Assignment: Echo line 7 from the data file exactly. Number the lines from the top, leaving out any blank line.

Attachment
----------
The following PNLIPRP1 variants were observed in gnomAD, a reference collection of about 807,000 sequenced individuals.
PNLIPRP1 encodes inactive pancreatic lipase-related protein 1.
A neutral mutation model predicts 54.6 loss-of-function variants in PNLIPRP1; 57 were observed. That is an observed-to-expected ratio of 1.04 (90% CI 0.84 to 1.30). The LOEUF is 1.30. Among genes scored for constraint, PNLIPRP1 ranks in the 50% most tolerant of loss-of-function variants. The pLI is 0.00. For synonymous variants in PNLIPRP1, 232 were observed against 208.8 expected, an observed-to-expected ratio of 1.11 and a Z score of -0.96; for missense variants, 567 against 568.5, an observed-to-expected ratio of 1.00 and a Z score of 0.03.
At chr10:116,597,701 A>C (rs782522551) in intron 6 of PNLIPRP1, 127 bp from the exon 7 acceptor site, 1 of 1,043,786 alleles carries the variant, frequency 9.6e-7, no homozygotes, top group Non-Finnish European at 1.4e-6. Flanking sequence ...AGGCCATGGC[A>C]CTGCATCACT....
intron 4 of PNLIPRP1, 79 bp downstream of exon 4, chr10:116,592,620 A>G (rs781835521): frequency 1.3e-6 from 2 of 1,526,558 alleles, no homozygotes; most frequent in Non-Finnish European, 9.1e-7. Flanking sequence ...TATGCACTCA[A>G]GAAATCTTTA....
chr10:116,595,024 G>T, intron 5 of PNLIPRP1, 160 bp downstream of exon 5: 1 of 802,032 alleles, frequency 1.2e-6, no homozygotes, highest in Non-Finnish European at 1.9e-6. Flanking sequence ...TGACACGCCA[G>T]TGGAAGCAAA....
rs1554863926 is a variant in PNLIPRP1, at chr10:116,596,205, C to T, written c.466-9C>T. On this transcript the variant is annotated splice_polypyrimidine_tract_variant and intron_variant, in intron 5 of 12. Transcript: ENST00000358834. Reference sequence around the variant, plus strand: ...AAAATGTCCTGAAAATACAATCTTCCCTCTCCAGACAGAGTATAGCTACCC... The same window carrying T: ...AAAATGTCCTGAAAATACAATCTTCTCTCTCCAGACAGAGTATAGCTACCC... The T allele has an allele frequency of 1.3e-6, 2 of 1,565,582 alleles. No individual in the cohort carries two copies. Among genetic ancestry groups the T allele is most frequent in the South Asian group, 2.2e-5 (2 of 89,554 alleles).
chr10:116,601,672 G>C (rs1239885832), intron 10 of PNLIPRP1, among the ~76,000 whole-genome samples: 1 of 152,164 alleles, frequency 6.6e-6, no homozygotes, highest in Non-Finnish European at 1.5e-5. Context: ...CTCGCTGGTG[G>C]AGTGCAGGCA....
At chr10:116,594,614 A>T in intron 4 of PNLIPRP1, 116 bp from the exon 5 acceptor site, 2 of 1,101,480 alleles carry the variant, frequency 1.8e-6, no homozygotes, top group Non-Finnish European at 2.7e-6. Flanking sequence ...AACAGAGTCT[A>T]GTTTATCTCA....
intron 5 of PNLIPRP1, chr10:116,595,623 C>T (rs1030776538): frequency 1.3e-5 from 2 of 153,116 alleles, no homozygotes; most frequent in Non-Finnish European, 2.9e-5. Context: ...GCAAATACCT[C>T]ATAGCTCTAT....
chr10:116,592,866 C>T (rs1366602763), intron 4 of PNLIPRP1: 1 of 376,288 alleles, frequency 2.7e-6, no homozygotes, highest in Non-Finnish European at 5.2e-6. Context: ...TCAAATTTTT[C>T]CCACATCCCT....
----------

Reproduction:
rs1554863926 is a variant in PNLIPRP1, at chr10:116,596,205, C to T, written c.466-9C>T. On this transcript the variant is annotated splice_polypyrimidine_tract_variant and intron_variant, in intron 5 of 12. Transcript: ENST00000358834. Reference sequence around the variant, plus strand: ...AAAATGTCCTGAAAATACAATCTTCCCTCTCCAGACAGAGTATAGCTACCC... The same window carrying T: ...AAAATGTCCTGAAAATACAATCTTCTCTCTCCAGACAGAGTATAGCTACCC... The T allele has an allele frequency of 1.3e-6, 2 of 1,565,582 alleles. No individual in the cohort carries two copies. Among genetic ancestry groups the T allele is most frequent in the South Asian group, 2.2e-5 (2 of 89,554 alleles).